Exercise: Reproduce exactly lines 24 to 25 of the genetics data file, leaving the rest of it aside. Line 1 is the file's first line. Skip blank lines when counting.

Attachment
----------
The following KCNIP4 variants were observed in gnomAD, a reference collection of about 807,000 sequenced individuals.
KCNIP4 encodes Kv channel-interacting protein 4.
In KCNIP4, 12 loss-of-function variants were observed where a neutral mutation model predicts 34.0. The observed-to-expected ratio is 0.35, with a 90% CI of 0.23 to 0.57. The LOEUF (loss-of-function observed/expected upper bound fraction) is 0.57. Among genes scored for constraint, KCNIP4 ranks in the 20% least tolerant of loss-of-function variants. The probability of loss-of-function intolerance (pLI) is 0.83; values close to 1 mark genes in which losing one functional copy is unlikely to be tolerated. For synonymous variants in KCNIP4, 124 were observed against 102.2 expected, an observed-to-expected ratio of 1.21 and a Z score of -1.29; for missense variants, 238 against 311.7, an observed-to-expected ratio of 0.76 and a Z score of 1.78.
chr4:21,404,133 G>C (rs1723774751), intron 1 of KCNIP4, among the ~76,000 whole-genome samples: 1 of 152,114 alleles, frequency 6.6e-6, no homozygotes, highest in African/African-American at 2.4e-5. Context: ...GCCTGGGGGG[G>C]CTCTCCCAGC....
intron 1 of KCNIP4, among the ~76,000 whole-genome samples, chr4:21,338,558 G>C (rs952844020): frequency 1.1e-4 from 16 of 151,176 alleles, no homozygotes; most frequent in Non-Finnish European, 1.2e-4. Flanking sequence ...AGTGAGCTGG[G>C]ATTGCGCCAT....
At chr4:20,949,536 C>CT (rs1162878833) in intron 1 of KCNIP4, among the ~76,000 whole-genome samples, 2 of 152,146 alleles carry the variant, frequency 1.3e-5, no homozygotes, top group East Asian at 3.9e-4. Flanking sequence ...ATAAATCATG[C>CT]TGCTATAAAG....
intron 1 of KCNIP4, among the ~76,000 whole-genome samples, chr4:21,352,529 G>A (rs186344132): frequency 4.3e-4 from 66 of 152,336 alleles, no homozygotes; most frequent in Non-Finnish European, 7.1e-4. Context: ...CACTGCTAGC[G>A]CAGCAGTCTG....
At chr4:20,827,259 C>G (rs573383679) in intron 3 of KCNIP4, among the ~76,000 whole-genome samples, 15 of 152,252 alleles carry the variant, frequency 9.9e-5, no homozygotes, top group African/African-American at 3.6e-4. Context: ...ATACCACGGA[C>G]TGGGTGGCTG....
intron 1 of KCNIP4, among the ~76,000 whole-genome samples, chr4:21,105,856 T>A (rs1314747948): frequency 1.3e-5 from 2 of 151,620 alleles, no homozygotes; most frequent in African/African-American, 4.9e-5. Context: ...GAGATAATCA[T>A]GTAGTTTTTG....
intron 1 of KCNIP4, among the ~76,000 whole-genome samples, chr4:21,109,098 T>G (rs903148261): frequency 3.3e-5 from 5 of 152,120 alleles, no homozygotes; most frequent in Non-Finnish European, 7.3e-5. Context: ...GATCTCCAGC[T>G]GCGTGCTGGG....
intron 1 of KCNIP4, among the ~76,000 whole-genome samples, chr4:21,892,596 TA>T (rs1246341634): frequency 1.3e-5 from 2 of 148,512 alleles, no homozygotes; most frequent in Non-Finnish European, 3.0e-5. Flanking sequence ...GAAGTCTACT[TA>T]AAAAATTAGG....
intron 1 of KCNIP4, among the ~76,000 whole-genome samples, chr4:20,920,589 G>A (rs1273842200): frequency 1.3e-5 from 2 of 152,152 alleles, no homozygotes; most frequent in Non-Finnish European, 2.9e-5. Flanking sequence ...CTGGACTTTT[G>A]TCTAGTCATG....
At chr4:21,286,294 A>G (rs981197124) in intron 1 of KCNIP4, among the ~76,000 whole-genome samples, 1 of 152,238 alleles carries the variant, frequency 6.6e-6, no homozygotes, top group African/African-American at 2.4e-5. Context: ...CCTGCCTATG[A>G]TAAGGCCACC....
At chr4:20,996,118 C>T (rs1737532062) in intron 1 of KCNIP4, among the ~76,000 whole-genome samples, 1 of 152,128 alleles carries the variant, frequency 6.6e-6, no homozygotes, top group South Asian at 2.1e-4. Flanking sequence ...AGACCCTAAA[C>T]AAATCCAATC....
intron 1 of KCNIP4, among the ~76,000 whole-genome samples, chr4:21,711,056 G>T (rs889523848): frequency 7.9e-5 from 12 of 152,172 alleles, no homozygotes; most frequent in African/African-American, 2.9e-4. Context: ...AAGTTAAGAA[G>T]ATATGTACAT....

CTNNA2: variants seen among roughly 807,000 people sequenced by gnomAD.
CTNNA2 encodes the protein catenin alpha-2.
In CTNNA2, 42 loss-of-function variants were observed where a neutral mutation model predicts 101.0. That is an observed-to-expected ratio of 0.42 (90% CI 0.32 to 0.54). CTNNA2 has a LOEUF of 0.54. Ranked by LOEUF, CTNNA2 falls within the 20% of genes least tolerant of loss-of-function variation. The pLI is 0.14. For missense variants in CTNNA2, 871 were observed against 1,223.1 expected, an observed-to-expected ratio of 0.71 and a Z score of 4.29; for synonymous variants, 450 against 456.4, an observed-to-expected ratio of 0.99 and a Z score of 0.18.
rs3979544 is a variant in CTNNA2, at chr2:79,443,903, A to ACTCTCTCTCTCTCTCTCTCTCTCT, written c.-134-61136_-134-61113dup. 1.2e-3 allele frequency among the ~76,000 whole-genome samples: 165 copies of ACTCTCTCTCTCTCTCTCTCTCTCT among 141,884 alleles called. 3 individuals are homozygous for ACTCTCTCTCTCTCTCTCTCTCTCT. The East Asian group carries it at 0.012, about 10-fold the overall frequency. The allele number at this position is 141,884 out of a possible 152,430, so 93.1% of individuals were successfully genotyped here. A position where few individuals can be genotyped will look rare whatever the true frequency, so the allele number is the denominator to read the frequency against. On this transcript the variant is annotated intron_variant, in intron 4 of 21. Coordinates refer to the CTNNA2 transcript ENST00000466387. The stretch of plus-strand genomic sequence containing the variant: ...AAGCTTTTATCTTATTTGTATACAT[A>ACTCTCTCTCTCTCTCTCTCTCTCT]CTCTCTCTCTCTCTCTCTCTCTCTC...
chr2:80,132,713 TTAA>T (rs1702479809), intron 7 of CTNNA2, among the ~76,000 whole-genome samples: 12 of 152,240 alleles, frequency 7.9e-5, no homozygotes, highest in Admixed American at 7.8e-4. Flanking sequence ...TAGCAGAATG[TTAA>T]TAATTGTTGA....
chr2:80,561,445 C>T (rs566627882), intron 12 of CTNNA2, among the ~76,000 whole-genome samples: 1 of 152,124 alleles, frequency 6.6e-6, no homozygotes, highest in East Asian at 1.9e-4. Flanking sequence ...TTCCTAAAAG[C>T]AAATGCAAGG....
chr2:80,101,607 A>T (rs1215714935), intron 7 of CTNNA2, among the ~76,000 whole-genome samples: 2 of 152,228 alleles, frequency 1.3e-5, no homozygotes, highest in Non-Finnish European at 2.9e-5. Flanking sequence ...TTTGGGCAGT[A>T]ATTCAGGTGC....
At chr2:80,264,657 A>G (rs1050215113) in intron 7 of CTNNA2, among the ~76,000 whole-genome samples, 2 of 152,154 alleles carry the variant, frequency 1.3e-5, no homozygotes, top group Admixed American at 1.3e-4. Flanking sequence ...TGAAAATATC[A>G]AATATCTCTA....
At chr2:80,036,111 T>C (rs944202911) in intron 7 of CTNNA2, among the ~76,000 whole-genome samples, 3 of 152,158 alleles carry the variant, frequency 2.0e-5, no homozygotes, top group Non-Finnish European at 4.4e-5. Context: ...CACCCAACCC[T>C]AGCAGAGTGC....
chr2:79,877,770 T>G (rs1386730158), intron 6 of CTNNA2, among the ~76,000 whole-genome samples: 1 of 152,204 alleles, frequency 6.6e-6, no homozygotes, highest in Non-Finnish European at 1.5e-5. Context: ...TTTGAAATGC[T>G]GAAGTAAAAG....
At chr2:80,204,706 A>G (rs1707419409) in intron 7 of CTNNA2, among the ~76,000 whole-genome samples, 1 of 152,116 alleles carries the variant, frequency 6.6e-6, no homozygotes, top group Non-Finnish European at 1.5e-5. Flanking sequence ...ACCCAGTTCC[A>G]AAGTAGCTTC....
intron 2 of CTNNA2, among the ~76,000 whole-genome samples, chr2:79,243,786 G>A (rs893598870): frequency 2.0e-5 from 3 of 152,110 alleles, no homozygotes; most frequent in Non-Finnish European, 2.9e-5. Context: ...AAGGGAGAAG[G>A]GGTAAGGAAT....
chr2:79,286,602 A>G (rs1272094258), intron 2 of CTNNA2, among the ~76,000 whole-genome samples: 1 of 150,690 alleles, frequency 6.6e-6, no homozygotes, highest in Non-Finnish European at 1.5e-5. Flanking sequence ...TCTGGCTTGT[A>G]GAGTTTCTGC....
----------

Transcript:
At chr2:80,036,111 T>C (rs944202911) in intron 7 of CTNNA2, among the ~76,000 whole-genome samples, 3 of 152,158 alleles carry the variant, frequency 2.0e-5, no homozygotes, top group Non-Finnish European at 4.4e-5. Context: ...CACCCAACCC[T>C]AGCAGAGTGC....
chr2:79,877,770 T>G (rs1386730158), intron 6 of CTNNA2, among the ~76,000 whole-genome samples: 1 of 152,204 alleles, frequency 6.6e-6, no homozygotes, highest in Non-Finnish European at 1.5e-5. Context: ...TTTGAAATGC[T>G]GAAGTAAAAG....